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Raman and Conduction Studies on Carbon Nanotube Networks and Cupric Oxide Nanostructures

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posted on 18.03.2022, 02:30 by Ravi, Shrividya

This thesis presents detailed temperature-dependent Raman and conduction studies on two materials: cupric oxide (CuO) nanostructures and single-walled carbon nanotube (SWNT) networks. SWNT networks are a promising alternative to indium tin oxide as the transparent conducting material in electronic displays. A key factor that complicates fundamental studies on SWNT networks is surfactant residue. Our study utilises SWNTs (HiPCO) dispersed in volatile solvents, which can be removed by annealing to only 100°C. Using this unique solvent system, we have systematically studied charge transport mechanisms in surfactant-free networks using a percolation approach; where sample resistance can be controlled by the amount of deposited material. The chemical environment of these networks was found to be unchanged using Raman spectroscopy; i.e. film fabrication did not cause any significant doping of the network. Around 15 surfactant-free networks, with resistances between 300 kΩ and 8 kΩ, were found to follow a 'universal' charge transport model. Most of the networks could be described by two dimensional variable range hopping (VRH) and thermal activation. The barrier energy or, To parameter, for the VRH mechanism was independent of resistance with a value of 20x 10ᵌ ± 9.4x 10ᵌ K. The activation energy also had a resistance-independent value of 160 ± 20 meV. Four terminal measurements confirm that the activation mechanism is due to processes within the network not, Schottky barriers at the nanotube/metal interface. The effects of extrinsic adsorbants on the network resistance provides evidence for dominant non-metallic conduction pathways within the studied range of resistances. These results strongly suggest a characteristic barrier size in our SWNT networks where non-metallic tubes dominate the resistance. The surfactant-free networks were also used to study the temperature-dependent behaviour of the radial breathing modes (RBM) in bundled nanotubes. Deconvolution of complex RBM spectra was made possible using an interactive routine: based on the higher resolution of second derivatives for fitting spectra with washed-out features. Using this routine, the temperature-dependent characteristics of the RBM lineshape could be identified. We find that RBM modes in our bundled networks soften at the same rate as individual tubes; the linewidth follows a three phonon decay process with a temperature-independent component and the intensity can be modelled from the change in Eii with temperature. The second part of this thesis addresses the unique asymmetric lineshape of the A1g mode in CuO nanowire forests. A symmetric lineshape is recovered at low powers indicating that the underlying mechanism is thermal. To study this effect, the high temperature behaviour of the A1g mode is first analysed in a `bulk' form of CuO. The analytical temperature dependence of the A1g mode frequency, linewidth and intensity were used as the basis of a physical model that connects lineshape asymmetry to laser-induced, spatial temperature gradients in the sample.The peak temperature (under the laser hotspot) was found to be proportional to laser power until it reaches a critical value. We believe that regions with temperature above the critical value cool by radiation rather than convection.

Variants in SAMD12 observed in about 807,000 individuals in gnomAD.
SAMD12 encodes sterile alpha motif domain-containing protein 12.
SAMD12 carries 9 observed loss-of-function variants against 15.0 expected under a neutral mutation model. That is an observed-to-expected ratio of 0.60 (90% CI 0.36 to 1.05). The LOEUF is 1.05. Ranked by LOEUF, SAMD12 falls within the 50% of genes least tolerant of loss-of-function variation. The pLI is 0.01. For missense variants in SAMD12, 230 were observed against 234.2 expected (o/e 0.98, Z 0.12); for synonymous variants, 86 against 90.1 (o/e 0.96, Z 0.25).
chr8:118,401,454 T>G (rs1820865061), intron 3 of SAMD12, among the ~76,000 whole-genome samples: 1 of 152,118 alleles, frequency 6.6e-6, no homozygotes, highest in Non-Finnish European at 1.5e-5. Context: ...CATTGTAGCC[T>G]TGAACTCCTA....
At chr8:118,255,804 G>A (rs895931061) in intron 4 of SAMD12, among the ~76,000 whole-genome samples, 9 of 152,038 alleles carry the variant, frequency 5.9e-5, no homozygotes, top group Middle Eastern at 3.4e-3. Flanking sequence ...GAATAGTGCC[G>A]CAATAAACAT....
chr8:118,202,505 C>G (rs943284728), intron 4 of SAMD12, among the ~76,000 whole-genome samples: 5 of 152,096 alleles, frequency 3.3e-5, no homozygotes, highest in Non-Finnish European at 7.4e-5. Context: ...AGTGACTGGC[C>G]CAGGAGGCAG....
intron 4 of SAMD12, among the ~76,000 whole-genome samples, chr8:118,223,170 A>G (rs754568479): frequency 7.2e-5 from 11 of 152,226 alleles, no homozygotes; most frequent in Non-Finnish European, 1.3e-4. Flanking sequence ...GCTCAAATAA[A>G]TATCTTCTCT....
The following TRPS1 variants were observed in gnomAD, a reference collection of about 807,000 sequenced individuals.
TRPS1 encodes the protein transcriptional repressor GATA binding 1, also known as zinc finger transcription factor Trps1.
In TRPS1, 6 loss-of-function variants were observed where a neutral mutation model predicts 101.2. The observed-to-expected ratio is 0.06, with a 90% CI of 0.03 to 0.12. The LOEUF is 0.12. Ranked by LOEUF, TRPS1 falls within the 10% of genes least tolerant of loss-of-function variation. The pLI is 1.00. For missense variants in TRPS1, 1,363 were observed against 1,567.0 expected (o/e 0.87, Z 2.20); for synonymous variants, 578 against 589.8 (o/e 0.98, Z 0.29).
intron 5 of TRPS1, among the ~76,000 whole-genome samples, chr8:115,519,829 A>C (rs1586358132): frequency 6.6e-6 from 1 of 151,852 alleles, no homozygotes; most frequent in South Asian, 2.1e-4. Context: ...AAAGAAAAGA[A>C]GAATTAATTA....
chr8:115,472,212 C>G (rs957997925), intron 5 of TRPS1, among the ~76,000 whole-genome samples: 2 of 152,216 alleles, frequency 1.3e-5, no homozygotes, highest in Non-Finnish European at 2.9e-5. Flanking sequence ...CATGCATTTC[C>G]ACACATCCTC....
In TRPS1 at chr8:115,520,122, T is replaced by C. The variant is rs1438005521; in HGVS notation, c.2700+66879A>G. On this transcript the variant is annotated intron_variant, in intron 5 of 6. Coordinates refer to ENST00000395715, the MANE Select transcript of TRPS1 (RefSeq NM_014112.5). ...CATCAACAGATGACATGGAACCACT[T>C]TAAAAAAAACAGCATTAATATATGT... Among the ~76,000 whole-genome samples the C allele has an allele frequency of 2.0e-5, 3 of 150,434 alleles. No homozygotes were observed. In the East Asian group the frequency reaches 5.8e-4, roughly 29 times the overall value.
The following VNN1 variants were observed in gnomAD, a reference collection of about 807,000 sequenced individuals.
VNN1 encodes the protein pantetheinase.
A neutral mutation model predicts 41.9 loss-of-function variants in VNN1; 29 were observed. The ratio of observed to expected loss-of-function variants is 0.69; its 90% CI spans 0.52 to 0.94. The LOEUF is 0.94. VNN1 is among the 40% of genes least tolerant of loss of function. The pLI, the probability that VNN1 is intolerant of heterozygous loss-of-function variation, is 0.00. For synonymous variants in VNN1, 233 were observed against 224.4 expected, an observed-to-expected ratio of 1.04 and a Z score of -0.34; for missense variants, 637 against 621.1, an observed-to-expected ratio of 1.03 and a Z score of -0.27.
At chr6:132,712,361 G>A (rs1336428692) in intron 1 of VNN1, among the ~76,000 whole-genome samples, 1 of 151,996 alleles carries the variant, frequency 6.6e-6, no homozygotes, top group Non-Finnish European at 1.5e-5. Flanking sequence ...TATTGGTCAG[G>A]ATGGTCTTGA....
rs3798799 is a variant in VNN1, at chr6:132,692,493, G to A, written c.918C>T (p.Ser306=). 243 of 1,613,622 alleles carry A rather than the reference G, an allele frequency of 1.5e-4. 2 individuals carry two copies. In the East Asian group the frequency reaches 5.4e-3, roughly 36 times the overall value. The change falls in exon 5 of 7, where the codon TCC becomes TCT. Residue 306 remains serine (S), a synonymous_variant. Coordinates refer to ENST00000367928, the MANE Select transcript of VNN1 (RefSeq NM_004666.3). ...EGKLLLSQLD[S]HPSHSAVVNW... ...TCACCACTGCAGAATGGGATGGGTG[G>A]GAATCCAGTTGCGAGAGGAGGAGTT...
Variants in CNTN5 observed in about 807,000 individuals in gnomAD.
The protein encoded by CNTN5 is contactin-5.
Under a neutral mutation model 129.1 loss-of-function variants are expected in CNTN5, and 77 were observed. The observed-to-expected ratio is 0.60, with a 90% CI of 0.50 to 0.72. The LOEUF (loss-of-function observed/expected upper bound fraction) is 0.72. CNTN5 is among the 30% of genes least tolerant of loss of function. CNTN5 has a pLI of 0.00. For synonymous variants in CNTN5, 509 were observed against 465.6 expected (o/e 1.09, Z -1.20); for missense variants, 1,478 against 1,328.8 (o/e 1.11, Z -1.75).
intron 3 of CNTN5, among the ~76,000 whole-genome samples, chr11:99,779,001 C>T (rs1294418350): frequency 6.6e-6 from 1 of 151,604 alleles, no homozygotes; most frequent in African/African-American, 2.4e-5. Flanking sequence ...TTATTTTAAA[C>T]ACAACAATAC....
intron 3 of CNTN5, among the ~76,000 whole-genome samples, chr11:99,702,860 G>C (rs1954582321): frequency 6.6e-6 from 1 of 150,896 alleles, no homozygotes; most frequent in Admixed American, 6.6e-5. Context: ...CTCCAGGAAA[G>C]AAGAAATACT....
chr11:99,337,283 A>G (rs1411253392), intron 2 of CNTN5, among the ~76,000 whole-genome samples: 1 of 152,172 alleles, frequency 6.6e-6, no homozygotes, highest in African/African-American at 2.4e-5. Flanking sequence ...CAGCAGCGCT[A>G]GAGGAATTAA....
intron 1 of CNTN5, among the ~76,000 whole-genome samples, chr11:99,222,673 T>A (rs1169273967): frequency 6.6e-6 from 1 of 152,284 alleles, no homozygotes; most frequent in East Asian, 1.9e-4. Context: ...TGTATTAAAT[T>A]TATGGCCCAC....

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Date of Award



Te Herenga Waka—Victoria University of Wellington

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Degree Grantor

Te Herenga Waka—Victoria University of Wellington

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Degree Name

Doctor of Philosophy

Victoria University of Wellington Item Type

Awarded Doctoral Thesis



Victoria University of Wellington School

School of Chemical and Physical Sciences


Kaiser, Alan; Bumby, Chris